FOREST SAVERS® LLC
INVASIVE BRUSH CONTROL
throughout Vermont and New Hampshire
free quotes for backyards and large acreages
This field owned by the U.S. Army Corps of Engineers in Surry, NH was so badly overgrown with invasive brush that the flowering crab apples at the far end were not visible. The brush was uprooted and shredded in the field and from tight around the trees in the summer of 2016. The photo was taken in the spring of 2017.
If herbicides had been used, they would have damaged the flowering crab apples and have left a tangle of unsightly dead brush that would have impeded subsequent maintenance mowing.
photo by Alicia Lacrosse, U.S. Army Corps of Engineers
Uprooting large clumps of invasives prior to shredding them produces
excellent, easy to access planting spots for desired species and
greatly reduces resprouting of the invasives.
Two views of a hillside where the woody invasives were uprooted and herbaceous vegetation was mowed on the left half of the slope. Prior to uprooting and mowing, the vegetation was similar to that on the right.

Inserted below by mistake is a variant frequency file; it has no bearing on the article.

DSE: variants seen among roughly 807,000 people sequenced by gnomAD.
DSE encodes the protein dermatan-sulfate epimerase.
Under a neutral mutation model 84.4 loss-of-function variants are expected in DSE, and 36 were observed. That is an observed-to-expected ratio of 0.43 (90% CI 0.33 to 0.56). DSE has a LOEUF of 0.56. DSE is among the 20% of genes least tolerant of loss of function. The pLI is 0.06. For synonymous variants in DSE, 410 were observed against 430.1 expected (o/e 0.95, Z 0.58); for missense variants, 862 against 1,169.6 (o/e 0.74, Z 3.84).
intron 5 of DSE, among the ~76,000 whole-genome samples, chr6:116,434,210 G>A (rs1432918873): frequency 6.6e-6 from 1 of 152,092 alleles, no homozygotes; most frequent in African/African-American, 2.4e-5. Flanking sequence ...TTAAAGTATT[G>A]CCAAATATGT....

Uprooted woody invasives were pushed to the bottom of the hill with the front rake. The remaining vegetation was simultaneously mowed with the rear-mounted shredder/mulcher/mower. At the same time the machine filled and smoothed in the holes left by the uprooting. Desirable vegetation could be seeded in smooth bare earth where the woody invasives were uprooted.
The uprooted woody invasives were windrowed at the bottom of the slope then the windrow was pushed from each end into a compacted brush pile for efficient burning.
United States & Canada:
796 Wayside Road Ext.
Woodstock, VT 05091